It's (still) not about trust: No one should buy AI if governments won't enforce liability

picture of a coffee house with the title text on a sign in the corner
No we don't have wifi – talk to each other
(Atopia Kaffeehaus, Berlin)
Hipsters help the economy too.
Yet another government agency has asked me how to get people to trust AI. No one should trust AI. AI is not a peer that we need to allow to make mistakes sometimes but tolerate anyway. AI is a corporate product. If corporations make understandable mistakes they can be let off the hook, but if they whether with negligence or intent produce faulty products that do harm they must be held to account.

What governments really want is for people to buy AI or use it in their services – they think that would be good for the economy. But what is the economy? What we need to care about is our national security and the wellbeing of our citizens. Breaking the legal system is not going to benefit the economy. Here are two things that would break the legal system:

  1. Allowing corporations off the hook because people over-identify with AI and think it's a person. 
  2. Saying there is no product liability for AI. AI is a product; it's an artefact. Even if it's being used by people as a tool to perform services, that doesn't magically make the AI itself a service.

I was asked "What if a consumer reads a newspaper story about a fully autonomous lawnmower that learns something new then goes to a neighbour's yard and burns down the shed. What if the neighbour has trouble getting compensation. Would that inhibit uptake of AI?" Well, yes, obviously, but this is not about trusting robots. This is in no way different from your dog knocking over the neighbour's barbecue and causing a fire, or something from your roof falling on your neighbour's car. Such an event would most likely be a clear defect in the lawnmower. If corporations that make and sell such defective products them aren't held to account by the government for the damage, then people shouldn't buy that AI.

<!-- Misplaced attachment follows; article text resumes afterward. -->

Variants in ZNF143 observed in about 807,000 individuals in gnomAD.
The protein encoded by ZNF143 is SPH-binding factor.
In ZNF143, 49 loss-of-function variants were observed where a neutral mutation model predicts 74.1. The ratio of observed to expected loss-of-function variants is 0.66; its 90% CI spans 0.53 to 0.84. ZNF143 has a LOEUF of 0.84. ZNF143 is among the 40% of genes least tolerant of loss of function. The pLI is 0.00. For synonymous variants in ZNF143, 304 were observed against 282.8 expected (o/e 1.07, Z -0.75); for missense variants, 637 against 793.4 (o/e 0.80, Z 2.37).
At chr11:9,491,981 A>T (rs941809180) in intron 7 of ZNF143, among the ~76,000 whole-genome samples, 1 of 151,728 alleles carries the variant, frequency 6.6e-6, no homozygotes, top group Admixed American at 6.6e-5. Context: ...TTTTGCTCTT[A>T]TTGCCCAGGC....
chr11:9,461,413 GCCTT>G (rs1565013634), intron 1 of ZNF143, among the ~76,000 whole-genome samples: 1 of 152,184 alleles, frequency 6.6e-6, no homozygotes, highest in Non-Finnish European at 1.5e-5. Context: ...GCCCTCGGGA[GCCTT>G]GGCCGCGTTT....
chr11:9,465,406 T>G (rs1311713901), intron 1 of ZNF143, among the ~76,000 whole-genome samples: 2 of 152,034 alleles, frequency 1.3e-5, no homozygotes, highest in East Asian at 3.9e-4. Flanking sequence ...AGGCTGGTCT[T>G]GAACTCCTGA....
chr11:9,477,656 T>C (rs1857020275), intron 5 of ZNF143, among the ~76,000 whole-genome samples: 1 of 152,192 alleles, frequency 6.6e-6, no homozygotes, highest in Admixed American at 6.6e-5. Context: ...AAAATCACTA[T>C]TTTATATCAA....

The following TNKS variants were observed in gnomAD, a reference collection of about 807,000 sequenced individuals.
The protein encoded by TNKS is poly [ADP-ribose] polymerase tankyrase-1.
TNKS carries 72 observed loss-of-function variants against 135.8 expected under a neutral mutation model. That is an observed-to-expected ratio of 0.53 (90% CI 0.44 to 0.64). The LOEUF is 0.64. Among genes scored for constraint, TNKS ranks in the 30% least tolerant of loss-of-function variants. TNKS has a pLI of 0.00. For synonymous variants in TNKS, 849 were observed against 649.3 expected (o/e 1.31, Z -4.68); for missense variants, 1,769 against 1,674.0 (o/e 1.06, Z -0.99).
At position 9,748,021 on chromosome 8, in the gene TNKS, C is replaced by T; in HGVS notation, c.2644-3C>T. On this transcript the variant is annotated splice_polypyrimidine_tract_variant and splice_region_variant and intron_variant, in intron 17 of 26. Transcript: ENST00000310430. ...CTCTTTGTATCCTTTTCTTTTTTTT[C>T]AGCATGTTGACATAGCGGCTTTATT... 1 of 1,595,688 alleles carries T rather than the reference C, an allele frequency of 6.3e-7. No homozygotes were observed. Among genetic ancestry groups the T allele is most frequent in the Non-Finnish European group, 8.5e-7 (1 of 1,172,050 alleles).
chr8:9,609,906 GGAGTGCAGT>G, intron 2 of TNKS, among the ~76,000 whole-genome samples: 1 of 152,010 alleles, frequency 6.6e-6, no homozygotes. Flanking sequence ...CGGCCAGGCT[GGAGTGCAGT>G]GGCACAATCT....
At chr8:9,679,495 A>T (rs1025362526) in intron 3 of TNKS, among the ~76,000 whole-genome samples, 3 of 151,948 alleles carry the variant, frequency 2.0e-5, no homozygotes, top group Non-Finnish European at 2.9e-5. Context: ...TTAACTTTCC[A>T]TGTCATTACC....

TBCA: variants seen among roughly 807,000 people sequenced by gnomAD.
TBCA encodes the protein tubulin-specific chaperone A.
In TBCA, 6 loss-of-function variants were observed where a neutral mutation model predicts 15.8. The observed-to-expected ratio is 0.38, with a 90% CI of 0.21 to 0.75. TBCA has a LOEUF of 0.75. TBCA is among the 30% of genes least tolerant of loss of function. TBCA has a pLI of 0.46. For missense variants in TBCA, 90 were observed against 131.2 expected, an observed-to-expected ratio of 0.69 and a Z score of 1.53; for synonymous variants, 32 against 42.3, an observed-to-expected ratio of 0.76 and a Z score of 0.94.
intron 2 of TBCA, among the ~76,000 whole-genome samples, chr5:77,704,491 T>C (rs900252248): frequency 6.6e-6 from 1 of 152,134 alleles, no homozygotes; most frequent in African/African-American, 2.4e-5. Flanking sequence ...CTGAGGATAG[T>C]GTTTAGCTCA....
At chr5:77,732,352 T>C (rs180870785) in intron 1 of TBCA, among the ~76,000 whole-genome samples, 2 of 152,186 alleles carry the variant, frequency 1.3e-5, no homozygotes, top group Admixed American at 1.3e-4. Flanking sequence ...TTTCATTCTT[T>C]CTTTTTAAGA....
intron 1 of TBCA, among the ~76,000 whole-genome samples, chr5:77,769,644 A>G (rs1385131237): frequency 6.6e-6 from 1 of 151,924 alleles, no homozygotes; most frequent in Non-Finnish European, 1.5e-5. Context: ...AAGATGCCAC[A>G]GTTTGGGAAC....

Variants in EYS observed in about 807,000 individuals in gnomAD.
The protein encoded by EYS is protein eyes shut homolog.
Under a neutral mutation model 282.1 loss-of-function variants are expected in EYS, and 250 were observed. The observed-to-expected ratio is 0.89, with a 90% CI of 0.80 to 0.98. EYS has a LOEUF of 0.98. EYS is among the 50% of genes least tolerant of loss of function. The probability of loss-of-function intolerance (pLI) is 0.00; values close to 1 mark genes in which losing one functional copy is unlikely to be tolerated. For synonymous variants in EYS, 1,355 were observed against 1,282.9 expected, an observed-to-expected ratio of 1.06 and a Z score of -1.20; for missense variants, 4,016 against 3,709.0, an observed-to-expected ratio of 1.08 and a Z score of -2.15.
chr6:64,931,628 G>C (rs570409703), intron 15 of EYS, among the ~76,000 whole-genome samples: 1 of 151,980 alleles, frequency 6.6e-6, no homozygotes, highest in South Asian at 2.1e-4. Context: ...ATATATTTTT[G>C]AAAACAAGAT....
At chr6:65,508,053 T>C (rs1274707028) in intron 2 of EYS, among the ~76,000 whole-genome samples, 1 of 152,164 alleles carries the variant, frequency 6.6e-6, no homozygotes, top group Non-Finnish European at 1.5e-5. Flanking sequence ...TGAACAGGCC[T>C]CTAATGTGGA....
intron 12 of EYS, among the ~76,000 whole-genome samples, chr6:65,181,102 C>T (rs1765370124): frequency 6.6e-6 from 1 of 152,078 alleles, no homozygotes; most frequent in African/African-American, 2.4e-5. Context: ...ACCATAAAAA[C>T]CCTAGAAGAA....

Or maybe the problem is that the owner didn't train the lawnmower properly, and the owner will be held liable for the damage. In that case someone reading that story might think "I'd better not buy that lawnmower, it might be too complicated for me too." And they'd be right!

The goal of the government should not be to bankrupt citizens in order to have more AI than we can safely handle around the place. If a government wants us to "trust" AI, then they can start by making it far more apparent when they do succeed in protecting our interests. They should also protect our interests harder.

And yes, I'm still angry that the UK found Facebook liable for damaging our elections, and then only fined it £2,000,000. A government can ask me how to convince people to buy AI after that government has demonstrated that it can protect its citizens' interests.



Marisa Tschopp blogged about trust today too (the same day!) Maybe we both went through the same interview... Anyway, nice piece Three wrong questions about trust and AI

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